TARA: What can be done to make the presentation of clothing more relevant?
NORMA: At the turn of the last century, people went to department stores like Siegel Cooper and Macy's on Union Square to spend the day. It was called Ladies' Mile. There were beer gardens on the roofs and tea dances. People went to department stores for entertainment, not just to shop. We've held on to the idea of the big store, but it needs to evolve, especially when everyone is using the Internet and our lives move so quickly. Department stores should be vibrant and interactive, right now they're not.

TARA: You were one of the first designers to sell your clothes online. How did that come about?
NORMA: In the early '90s, the relationship between designers and the department stores changed dramatically. I didn't see any future in continuing to be just another vendor in these huge stores. My direct relationship with my customers is too important to me.

TARA: You found a way to take out the middleman and go directly to the public.
NORMA: Yeah. I've always had a lot of celebrity clients who like me to send them clothes on approval. They try them on, or their stylists look at them, and then they send back what they don't want. I had been doing that for years when suddenly I thought, "Why don't I do that for my none celebrity clients?" Now, through my website, you can try on six swimsuits at home and just pay for the ones you keep. Even better, I can design something today, take a picture tomorrow, and put it up on the website the day after that.

TARA: Another innovation you came up with is to sell pieces from your past collections at special sales in your store. People just go to war over the clothes.
NORMA: Early on, I started saving the samples from each collection, so eventually I had a warehouse filled with my old pieces. It's the entire archive, from the late '60s on, as well as the vintage clothing I've collected. Editors have always been interested in my old pieces, so I decided to hold these sales, taking the stock directly from the warehouse. I've been selling things little by little. Lately everyone loves the old dolman tops and the rah-rah skirts. Stylists come with big trash bags to stockpile clothes. It's hysterical!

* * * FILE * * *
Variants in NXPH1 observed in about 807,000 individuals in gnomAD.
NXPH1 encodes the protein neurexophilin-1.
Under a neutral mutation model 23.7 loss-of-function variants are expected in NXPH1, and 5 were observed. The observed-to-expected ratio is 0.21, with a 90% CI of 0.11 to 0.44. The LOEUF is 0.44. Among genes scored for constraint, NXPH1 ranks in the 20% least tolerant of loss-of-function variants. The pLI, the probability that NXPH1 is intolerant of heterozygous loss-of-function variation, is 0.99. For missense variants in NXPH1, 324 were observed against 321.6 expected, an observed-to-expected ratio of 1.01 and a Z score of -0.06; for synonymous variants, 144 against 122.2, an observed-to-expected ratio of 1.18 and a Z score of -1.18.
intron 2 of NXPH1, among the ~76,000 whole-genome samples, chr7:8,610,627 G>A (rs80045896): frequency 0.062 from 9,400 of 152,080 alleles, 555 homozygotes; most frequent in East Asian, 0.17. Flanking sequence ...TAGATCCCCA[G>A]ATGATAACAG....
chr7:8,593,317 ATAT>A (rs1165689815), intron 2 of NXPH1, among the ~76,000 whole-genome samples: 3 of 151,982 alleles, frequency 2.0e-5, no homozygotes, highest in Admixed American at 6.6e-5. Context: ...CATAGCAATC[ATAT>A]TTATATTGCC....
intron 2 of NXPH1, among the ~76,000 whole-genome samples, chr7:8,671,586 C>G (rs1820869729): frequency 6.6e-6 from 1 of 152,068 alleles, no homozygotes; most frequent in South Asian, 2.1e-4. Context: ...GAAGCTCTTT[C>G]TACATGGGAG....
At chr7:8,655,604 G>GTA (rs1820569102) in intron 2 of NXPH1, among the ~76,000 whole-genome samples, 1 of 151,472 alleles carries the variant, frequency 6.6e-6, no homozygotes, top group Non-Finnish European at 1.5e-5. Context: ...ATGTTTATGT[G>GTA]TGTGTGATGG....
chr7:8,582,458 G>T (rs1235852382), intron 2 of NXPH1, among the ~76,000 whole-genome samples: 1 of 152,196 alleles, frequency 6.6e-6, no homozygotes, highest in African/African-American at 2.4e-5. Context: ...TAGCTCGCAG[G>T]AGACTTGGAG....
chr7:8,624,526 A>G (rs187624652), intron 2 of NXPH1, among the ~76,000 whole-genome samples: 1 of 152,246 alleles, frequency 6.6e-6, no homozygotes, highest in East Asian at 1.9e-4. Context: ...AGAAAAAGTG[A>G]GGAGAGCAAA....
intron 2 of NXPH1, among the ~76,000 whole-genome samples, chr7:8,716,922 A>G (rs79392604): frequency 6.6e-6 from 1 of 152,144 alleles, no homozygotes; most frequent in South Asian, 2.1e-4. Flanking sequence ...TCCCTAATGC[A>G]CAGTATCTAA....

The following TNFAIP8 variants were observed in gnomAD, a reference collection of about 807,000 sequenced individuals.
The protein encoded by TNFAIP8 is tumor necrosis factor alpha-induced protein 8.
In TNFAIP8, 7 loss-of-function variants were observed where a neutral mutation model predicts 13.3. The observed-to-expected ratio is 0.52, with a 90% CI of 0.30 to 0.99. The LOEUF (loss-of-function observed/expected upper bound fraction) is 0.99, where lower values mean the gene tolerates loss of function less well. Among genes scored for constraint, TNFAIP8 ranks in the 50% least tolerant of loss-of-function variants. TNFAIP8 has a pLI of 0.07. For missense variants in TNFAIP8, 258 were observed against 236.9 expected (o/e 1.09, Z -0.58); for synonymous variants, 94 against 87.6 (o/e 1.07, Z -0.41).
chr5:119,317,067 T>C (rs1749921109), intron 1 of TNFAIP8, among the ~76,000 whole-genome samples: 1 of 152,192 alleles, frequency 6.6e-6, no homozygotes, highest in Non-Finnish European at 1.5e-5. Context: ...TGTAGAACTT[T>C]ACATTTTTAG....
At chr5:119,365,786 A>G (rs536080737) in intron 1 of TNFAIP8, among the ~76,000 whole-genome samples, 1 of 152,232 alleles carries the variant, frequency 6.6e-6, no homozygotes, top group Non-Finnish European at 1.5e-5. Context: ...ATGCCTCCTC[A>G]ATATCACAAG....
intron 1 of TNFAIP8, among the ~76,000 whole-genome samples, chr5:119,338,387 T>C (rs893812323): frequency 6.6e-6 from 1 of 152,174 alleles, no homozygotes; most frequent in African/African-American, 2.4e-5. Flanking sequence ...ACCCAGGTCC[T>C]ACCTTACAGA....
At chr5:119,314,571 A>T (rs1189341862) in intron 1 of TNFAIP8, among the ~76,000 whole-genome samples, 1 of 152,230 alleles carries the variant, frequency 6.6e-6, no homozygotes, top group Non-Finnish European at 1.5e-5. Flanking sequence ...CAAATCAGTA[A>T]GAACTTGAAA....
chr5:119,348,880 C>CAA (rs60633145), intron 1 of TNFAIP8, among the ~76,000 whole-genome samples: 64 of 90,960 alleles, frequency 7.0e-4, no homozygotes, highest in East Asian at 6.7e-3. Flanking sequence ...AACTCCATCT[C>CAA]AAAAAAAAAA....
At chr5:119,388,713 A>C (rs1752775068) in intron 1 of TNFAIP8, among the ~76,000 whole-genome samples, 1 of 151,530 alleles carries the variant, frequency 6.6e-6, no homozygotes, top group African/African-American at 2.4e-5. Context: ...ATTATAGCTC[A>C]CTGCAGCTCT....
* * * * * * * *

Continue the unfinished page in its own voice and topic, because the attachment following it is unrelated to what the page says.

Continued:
TARA: It's a huge compliment because it means that everything you've done is timeless.
NORMA: Not everything!

TARA: One thing I really want to ask you is how you got your start?
NORMA: I wanted to be a painter, but my mother kept telling me it would never pay the rent. So I got a scholarship to F.I.T. and studied illustration instead. But the only illustration jobs were at stupid companies, doing stupid things like drawing eyelashes on faces. I thought I'd rather die— there was no way I was going to have anything to do with the fashion industry. But I knew that I wanted to travel, so I got a job in the office of an airline, which allowed me to get discount tickets. I ended up going to London every weekend from 1965to 1967— for twenty—nine dollars round—trip.

TARA: That's amazing.
NORMA: I was in the right place at the right time. During those years, London was the most exciting, creative place I have ever been.

TARA: What was it like?
NORMA: The first time I went there, I stayed at this boarding house for six dollars a night. It was near Sloane Square, which at the time looked like Queens. I was wondering, "Where are all the stores? Where can I see things?" Then someone told me to go to King's Road.

TARA: That's where it was all happening.
NORMA: Yeah. I wish I had a photograph to show you what it looked like then. There were great little art shops with songs like "All You Need Is Love" pounding into the streets. It was fantastic. And I thought, "My skirt is too long, my skirt is really frickin' too long!"